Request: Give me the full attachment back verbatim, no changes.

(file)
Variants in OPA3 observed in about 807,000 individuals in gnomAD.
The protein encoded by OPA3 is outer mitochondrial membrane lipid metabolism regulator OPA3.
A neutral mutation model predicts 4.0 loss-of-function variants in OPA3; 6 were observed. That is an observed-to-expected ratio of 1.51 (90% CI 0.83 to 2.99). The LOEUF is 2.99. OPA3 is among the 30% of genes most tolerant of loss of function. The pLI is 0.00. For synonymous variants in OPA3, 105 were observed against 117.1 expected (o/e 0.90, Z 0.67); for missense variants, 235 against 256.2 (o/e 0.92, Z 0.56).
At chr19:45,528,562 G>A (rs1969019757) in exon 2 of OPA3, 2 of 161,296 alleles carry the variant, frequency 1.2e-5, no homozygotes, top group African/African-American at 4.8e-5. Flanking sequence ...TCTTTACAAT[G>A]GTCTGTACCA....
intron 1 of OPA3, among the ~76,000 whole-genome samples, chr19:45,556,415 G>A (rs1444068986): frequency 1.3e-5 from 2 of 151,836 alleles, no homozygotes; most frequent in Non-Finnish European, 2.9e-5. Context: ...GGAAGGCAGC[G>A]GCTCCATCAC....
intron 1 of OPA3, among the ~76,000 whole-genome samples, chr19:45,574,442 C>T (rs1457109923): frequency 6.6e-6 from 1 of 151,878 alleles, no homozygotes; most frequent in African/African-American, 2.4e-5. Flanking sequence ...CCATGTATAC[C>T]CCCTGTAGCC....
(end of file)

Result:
Variants in OPA3 observed in about 807,000 individuals in gnomAD.
The protein encoded by OPA3 is outer mitochondrial membrane lipid metabolism regulator OPA3.
A neutral mutation model predicts 4.0 loss-of-function variants in OPA3; 6 were observed. That is an observed-to-expected ratio of 1.51 (90% CI 0.83 to 2.99). The LOEUF is 2.99. OPA3 is among the 30% of genes most tolerant of loss of function. The pLI is 0.00. For synonymous variants in OPA3, 105 were observed against 117.1 expected (o/e 0.90, Z 0.67); for missense variants, 235 against 256.2 (o/e 0.92, Z 0.56).
At chr19:45,528,562 G>A (rs1969019757) in exon 2 of OPA3, 2 of 161,296 alleles carry the variant, frequency 1.2e-5, no homozygotes, top group African/African-American at 4.8e-5. Flanking sequence ...TCTTTACAAT[G>A]GTCTGTACCA....
intron 1 of OPA3, among the ~76,000 whole-genome samples, chr19:45,556,415 G>A (rs1444068986): frequency 1.3e-5 from 2 of 151,836 alleles, no homozygotes; most frequent in Non-Finnish European, 2.9e-5. Context: ...GGAAGGCAGC[G>A]GCTCCATCAC....
intron 1 of OPA3, among the ~76,000 whole-genome samples, chr19:45,574,442 C>T (rs1457109923): frequency 6.6e-6 from 1 of 151,878 alleles, no homozygotes; most frequent in African/African-American, 2.4e-5. Flanking sequence ...CCATGTATAC[C>T]CCCTGTAGCC....